To today’s Bearcat students, Russell would say, “There’s no better time to connect to peers than during high school. Don’t be scared to be strong in your faith because they (friends) will look back and thank you for it later.”

After graduating in 2015, Russell was contemplating going into the military even though he amassed 1,240 all-purpose yards and 16 touchdowns his senior year. Matter of fact, he initially turned down his scholarship to Campbellsville University to play football and run track. His family was experiencing a tumultuous time, and his mother’s health was in decline. After Campbellsville initiated a follow-up call and visit, Russell said he found peace through prayer to go to CU and stay close to his family.

It was at CU during his freshman year that his faith grew exponentially.

Russell’s mom had received a difficult diagnosis regarding neurological damage to her legs and the doctors expected she was not going to be able to walk.  

Brayden Russell (1), makes a key tackle during Anderson County’s 28-20 win over South Oldham in 2013. (File photo by John Herndon)

“I was in chapel. There was an altar call. I was praying in my seat. I was complaining really…questioning God why all this was happening. When I heard this thunderous voice…to me it was audible…saying, ‘Do you not trust me?’” shared Russell. Then Russell stood up, went to the altar and prayed.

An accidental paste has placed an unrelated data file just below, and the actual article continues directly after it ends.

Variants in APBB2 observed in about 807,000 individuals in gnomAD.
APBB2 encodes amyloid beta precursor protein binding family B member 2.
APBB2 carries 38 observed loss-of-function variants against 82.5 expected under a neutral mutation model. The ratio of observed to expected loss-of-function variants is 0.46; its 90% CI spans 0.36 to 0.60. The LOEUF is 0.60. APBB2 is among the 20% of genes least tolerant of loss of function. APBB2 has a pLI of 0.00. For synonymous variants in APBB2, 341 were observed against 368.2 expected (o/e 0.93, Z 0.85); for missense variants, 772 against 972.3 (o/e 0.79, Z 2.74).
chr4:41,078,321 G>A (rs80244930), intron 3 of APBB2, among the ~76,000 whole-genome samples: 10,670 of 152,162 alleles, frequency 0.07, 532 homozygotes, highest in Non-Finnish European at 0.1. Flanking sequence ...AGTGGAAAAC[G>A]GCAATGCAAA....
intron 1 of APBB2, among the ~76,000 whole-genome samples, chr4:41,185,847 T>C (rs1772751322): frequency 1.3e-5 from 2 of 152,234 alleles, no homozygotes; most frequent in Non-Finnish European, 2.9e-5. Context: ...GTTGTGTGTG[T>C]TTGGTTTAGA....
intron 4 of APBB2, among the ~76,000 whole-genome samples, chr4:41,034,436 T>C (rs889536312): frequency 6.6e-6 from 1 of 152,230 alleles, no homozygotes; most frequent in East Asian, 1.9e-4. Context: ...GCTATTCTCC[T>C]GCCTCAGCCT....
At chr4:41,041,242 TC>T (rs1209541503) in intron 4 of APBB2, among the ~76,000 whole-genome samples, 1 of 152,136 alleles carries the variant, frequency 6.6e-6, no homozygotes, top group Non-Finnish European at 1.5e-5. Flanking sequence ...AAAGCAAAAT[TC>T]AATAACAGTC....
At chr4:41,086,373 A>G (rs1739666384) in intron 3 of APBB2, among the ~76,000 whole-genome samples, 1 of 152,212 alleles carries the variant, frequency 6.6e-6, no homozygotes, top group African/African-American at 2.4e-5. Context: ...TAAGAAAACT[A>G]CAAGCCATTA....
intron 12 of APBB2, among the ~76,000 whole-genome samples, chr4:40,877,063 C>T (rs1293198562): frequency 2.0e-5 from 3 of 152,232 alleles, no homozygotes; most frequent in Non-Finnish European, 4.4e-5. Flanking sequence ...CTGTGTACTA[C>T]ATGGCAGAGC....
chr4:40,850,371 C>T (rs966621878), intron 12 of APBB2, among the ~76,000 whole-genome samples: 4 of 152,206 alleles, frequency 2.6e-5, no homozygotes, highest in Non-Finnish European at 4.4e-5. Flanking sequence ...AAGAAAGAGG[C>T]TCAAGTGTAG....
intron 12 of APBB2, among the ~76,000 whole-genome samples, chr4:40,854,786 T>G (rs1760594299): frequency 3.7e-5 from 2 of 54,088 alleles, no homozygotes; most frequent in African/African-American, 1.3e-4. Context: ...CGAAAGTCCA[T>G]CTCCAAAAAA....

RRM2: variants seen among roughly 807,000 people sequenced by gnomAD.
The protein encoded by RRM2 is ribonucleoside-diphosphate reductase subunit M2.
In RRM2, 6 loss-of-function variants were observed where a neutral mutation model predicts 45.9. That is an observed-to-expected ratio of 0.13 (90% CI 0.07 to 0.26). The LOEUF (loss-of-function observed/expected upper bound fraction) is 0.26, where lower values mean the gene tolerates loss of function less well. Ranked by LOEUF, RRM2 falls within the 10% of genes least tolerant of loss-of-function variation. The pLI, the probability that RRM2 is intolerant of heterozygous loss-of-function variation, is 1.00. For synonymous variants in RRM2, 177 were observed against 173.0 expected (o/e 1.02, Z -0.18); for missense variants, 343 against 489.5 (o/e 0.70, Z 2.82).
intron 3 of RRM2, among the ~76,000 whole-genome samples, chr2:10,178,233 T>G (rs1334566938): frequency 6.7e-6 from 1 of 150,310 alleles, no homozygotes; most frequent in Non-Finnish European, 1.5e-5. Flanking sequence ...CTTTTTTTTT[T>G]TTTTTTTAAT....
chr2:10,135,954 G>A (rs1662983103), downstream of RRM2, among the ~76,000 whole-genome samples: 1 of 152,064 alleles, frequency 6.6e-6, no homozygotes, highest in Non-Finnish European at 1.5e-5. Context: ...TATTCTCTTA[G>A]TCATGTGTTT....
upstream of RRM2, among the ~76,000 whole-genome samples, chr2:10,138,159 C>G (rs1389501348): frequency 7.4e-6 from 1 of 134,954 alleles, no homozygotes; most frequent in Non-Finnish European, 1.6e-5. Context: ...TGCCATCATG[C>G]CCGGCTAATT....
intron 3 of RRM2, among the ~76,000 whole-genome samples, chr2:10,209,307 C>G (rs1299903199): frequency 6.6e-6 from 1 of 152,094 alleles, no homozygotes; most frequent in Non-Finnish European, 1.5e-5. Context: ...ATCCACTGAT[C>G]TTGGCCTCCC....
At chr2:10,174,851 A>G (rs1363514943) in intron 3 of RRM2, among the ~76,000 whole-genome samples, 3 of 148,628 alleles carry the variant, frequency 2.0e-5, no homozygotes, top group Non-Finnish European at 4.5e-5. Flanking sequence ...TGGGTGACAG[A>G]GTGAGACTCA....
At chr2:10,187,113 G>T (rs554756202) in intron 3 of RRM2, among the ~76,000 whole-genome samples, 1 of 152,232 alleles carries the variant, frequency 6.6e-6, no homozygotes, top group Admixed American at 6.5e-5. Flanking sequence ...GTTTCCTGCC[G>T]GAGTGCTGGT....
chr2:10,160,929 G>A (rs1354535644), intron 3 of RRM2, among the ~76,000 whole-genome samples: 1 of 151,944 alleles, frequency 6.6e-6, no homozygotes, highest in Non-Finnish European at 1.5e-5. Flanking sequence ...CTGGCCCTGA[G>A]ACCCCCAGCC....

His mother, who he credits as his greatest Christian influence, has since been healed of her illness. “That was a turning point in my faith. I trust God more,” said Russell. “I used to read the Bible for study, but now I read the Bible to live.”

Also during his freshman year at CU, Russell went with his teammates, including quarterback and Lawrenceburg resident, Jacob Russell, on a prison ministry trip during spring break to 13 maximum security prisons in Florida. They would play softball with the inmates and then break into small groups and witness afterwards. Russell recalled how they presumed the inmates might laugh at their testimonies or not take it seriously.

“I was so nervous the first time that my hands were shaking, and I was just reading scripture out of Romans.” Russell conveyed during his first experience one inmate threw away his dip and asked to be saved. While Russell said he felt a lot ‘like Moses in terms of public speaking’, he found his voice with God’s assistance.  

Now, when asked to be a witness, Russell said, “There is no excuse for me not to share my faith.”

And sharing his faith–Russell has.  

Brayden Russell, right, served in refugee camps in Iraq in 2022. (Photo provided)